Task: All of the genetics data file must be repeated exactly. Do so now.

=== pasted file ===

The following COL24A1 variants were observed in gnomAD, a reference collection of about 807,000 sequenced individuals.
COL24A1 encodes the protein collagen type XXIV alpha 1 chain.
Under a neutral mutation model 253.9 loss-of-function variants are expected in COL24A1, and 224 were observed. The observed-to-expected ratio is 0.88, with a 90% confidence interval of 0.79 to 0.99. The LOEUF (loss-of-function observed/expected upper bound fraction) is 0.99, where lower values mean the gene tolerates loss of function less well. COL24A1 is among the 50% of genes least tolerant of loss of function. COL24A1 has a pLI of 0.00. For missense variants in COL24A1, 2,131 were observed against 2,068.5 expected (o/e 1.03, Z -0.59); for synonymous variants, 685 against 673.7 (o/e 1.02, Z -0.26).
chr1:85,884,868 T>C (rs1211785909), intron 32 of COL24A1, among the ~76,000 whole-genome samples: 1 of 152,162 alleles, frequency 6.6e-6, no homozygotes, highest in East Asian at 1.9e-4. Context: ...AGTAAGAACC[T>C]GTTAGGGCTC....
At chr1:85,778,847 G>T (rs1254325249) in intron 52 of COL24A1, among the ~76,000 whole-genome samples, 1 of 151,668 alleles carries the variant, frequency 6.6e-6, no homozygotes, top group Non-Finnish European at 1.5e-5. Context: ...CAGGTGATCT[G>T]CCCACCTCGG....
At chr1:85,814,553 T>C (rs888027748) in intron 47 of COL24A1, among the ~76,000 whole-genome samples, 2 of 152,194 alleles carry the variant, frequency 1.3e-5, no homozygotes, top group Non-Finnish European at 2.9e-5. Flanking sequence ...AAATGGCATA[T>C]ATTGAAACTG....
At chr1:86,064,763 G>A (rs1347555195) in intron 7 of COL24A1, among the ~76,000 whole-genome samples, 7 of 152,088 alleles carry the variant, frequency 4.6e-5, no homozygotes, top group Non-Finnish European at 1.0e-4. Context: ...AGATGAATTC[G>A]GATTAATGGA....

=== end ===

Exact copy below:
The following COL24A1 variants were observed in gnomAD, a reference collection of about 807,000 sequenced individuals.
COL24A1 encodes the protein collagen type XXIV alpha 1 chain.
Under a neutral mutation model 253.9 loss-of-function variants are expected in COL24A1, and 224 were observed. The observed-to-expected ratio is 0.88, with a 90% confidence interval of 0.79 to 0.99. The LOEUF (loss-of-function observed/expected upper bound fraction) is 0.99, where lower values mean the gene tolerates loss of function less well. COL24A1 is among the 50% of genes least tolerant of loss of function. COL24A1 has a pLI of 0.00. For missense variants in COL24A1, 2,131 were observed against 2,068.5 expected (o/e 1.03, Z -0.59); for synonymous variants, 685 against 673.7 (o/e 1.02, Z -0.26).
chr1:85,884,868 T>C (rs1211785909), intron 32 of COL24A1, among the ~76,000 whole-genome samples: 1 of 152,162 alleles, frequency 6.6e-6, no homozygotes, highest in East Asian at 1.9e-4. Context: ...AGTAAGAACC[T>C]GTTAGGGCTC....
At chr1:85,778,847 G>T (rs1254325249) in intron 52 of COL24A1, among the ~76,000 whole-genome samples, 1 of 151,668 alleles carries the variant, frequency 6.6e-6, no homozygotes, top group Non-Finnish European at 1.5e-5. Context: ...CAGGTGATCT[G>T]CCCACCTCGG....
At chr1:85,814,553 T>C (rs888027748) in intron 47 of COL24A1, among the ~76,000 whole-genome samples, 2 of 152,194 alleles carry the variant, frequency 1.3e-5, no homozygotes, top group Non-Finnish European at 2.9e-5. Flanking sequence ...AAATGGCATA[T>C]ATTGAAACTG....
At chr1:86,064,763 G>A (rs1347555195) in intron 7 of COL24A1, among the ~76,000 whole-genome samples, 7 of 152,088 alleles carry the variant, frequency 4.6e-5, no homozygotes, top group Non-Finnish European at 1.0e-4. Context: ...AGATGAATTC[G>A]GATTAATGGA....